MARK KARLIN, EDITOR OF BUZZFLASH AT TRUTHOUT
On September 4, Public Citizen held a news conference to urge the Securities and Exchange Commission (SEC) to consider a rule that would prohibit corporate campaign contributions from being cloaked in secrecy.
The organization announced that one million people in the United States had either sent formal comments to the SEC or signed a petition to bring transparency to corporations contributing shareholder-owned funds to elections without full disclosure. Public Citizen is urging the SEC
to require all publicly traded companies to disclose political spending information to their shareholders.
The rule was placed on the agency’s agenda by departing SEC Chair Mary Shapiro in 2013 but was removed by Chair Mary Jo White earlier this year. The rulemaking petition has garnered historic support from investors and the general public. Its removal sparked outrage among its advocates, who contend that White is not taking into account the changing needs of investors since the U.S. Supreme Court’s decision in Citizens United v. Federal Election Commission. That ruling gave corporations and the wealthy the green light to spend unlimited sums to influence elections and led to a flood of “dark money” groups that don’t disclose their donors. In addition, White is ignoring the material nature of political spending information (with its inherent risks) to shareholders.
In short, SEC Chair Mary Jo White - who many thought would bring sunlight to bear upon corporate involvement in politics - is actually enabling them to keep their contributions in the dark.
This is a technical issue involving how corporations are held accountable to shareholders. Currently, corporate boards or executives can decide to give large sums of money to a shady organization such as Karl Rove's Crossroads, but the higher-ups in the company are not required to disclose the expenditure to shareholders. In short, shareholders are being denied the right to know how their investments in a publicly traded company are politically gambled - and how those expenses might impact the value of their stock.
Furthermore, in an age when television plays an extraordinarily powerful role in deciding national, senatorial, congressional and even many local elections, the covert money businesses give to influence election outcomes has a significant impact on voter perceptions. Political ads on television are extremely costly, and the new shadowy organizations allowed by the Citizens United decision can have a major impact on electoral outcomes via expensive TV ads. Therefore, accountability as to which companies are helping to pay for the ads is extremely important to a democracy that functions openly.
What is ironically fascinating about this glaring loophole in corporate accountability is that it is an issue not of structural change in the economy but rather of capitalist credibility with investors. As Public Citizen explains:
The area of corporate political spending requires particular investor protections because it exposes investors to significant new risks. Certain corporate political spending choices may diverge from a company’s stated values or policies, or may endanger the company’s brand or shareholder value by embroiling it in hot-button issues. Investors have a right to know what candidates or issues their investments are going to support or oppose....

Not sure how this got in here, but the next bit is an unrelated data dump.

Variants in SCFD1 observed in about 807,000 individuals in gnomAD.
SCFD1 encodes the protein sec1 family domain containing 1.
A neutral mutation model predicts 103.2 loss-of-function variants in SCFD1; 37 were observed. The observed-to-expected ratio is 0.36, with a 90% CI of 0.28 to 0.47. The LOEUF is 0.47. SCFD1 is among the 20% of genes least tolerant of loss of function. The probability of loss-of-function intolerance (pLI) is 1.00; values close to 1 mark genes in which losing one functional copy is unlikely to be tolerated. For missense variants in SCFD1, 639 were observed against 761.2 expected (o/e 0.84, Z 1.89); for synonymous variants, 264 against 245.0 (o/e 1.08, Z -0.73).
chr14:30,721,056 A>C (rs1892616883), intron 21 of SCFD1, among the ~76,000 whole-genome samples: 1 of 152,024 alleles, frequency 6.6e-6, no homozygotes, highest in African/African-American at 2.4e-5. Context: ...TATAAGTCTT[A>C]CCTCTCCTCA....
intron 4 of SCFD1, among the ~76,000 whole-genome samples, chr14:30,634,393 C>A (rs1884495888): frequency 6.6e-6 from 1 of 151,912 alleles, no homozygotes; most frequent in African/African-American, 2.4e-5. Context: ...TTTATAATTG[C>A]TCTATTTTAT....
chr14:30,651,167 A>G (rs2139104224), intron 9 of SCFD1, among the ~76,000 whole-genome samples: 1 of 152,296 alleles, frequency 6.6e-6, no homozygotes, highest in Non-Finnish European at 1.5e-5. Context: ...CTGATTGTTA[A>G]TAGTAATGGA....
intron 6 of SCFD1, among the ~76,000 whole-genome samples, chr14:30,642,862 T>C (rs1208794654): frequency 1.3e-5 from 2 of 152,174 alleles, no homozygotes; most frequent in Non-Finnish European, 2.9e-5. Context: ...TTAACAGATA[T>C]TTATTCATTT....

Amanda Ballantyne, national director of the Main Street Alliance, said, “Given the studies showing that political spending by corporate executives does little to benefit the overall company, equity shareholders like small business owners deserve to know how the money they invest is being used. It is the duty of the SEC to protect these consumers and to require the disclosure of political expenditures to stockholders.”
"Investors have filed hundreds of shareholder resolutions urging companies to disclose their political spending and lobbying expenditures, convinced that companies should be transparent about how investor dollars are spent directly or indirectly to impact elections and influence policy. Despite the progress of close to 150 companies choosing to disclose information about their political spending, we desperately need a level playing field where all companies disclose comparable information. The SEC can play an important role for investors by creating a standard regulation providing for such disclosure,” said Tim Smith, director of ESG Share owner Engagement, Walden Asset Management.
This is not a battle over the future economic system of the United States; it is, however, indicative of how even investors in the stock market - shareholders in the capitalist system - are stiff-armed by the top dogs in corporations. White's current refusal to consider corporate disclosure of political spending also hampers voters who want to know how corporations are involved in influencing the electoral process. In essence, White is helping to create a blind pseudo-democracy by allowing unrevealed corporate influence.
That leads - along with recent Supreme Court decisions, the lack of Department of Justice criminal prosecution of Wall Street executives, and pro-corporate congressional and administrative branch policies - to a blending of corporations and government that is known, by definition, as fascism.
What we end up with is a spectacle of faux-democracy in which voters are marionettes. Their strings are pulled by ads, corporate media and propaganda financed by corporations and 1%-ers.
Meanwhile, voters do not get a crumb of information on which corporations are manipulating them.
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